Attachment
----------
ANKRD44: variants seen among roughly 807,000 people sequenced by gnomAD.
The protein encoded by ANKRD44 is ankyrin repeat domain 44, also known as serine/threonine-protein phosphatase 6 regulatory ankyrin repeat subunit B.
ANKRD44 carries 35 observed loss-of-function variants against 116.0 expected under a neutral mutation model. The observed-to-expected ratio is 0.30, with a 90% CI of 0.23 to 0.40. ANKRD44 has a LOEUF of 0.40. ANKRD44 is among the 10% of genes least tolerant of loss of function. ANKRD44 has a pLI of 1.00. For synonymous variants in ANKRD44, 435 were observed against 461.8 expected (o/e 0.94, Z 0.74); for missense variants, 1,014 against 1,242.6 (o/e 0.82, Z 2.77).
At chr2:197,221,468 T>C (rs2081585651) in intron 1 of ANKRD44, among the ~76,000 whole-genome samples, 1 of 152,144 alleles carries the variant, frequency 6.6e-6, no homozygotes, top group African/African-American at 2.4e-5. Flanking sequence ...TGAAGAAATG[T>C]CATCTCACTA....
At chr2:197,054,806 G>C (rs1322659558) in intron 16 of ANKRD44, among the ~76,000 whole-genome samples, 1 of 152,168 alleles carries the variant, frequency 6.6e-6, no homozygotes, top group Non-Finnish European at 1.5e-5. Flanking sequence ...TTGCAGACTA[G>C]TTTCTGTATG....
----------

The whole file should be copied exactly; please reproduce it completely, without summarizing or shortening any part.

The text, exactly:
ANKRD44: variants seen among roughly 807,000 people sequenced by gnomAD.
The protein encoded by ANKRD44 is ankyrin repeat domain 44, also known as serine/threonine-protein phosphatase 6 regulatory ankyrin repeat subunit B.
ANKRD44 carries 35 observed loss-of-function variants against 116.0 expected under a neutral mutation model. The observed-to-expected ratio is 0.30, with a 90% CI of 0.23 to 0.40. ANKRD44 has a LOEUF of 0.40. ANKRD44 is among the 10% of genes least tolerant of loss of function. ANKRD44 has a pLI of 1.00. For synonymous variants in ANKRD44, 435 were observed against 461.8 expected (o/e 0.94, Z 0.74); for missense variants, 1,014 against 1,242.6 (o/e 0.82, Z 2.77).
At chr2:197,221,468 T>C (rs2081585651) in intron 1 of ANKRD44, among the ~76,000 whole-genome samples, 1 of 152,144 alleles carries the variant, frequency 6.6e-6, no homozygotes, top group African/African-American at 2.4e-5. Flanking sequence ...TGAAGAAATG[T>C]CATCTCACTA....
At chr2:197,054,806 G>C (rs1322659558) in intron 16 of ANKRD44, among the ~76,000 whole-genome samples, 1 of 152,168 alleles carries the variant, frequency 6.6e-6, no homozygotes, top group Non-Finnish European at 1.5e-5. Flanking sequence ...TTGCAGACTA[G>C]TTTCTGTATG....